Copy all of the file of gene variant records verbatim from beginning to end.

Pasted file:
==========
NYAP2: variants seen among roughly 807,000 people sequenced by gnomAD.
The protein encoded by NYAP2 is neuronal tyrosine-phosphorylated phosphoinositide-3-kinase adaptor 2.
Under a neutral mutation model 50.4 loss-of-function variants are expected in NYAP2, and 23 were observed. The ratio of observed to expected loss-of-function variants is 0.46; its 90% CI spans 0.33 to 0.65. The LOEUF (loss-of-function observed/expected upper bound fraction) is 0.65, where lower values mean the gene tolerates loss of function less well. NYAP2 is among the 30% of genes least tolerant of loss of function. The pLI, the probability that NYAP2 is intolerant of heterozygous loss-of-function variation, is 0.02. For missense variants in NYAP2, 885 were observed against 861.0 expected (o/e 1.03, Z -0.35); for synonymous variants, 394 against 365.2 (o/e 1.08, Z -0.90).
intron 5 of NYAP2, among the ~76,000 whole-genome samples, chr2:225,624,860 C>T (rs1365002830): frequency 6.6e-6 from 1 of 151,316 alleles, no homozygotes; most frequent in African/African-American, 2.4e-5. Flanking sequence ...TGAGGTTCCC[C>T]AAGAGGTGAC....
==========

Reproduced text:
NYAP2: variants seen among roughly 807,000 people sequenced by gnomAD.
The protein encoded by NYAP2 is neuronal tyrosine-phosphorylated phosphoinositide-3-kinase adaptor 2.
Under a neutral mutation model 50.4 loss-of-function variants are expected in NYAP2, and 23 were observed. The ratio of observed to expected loss-of-function variants is 0.46; its 90% CI spans 0.33 to 0.65. The LOEUF (loss-of-function observed/expected upper bound fraction) is 0.65, where lower values mean the gene tolerates loss of function less well. NYAP2 is among the 30% of genes least tolerant of loss of function. The pLI, the probability that NYAP2 is intolerant of heterozygous loss-of-function variation, is 0.02. For missense variants in NYAP2, 885 were observed against 861.0 expected (o/e 1.03, Z -0.35); for synonymous variants, 394 against 365.2 (o/e 1.08, Z -0.90).
intron 5 of NYAP2, among the ~76,000 whole-genome samples, chr2:225,624,860 C>T (rs1365002830): frequency 6.6e-6 from 1 of 151,316 alleles, no homozygotes; most frequent in African/African-American, 2.4e-5. Flanking sequence ...TGAGGTTCCC[C>T]AAGAGGTGAC....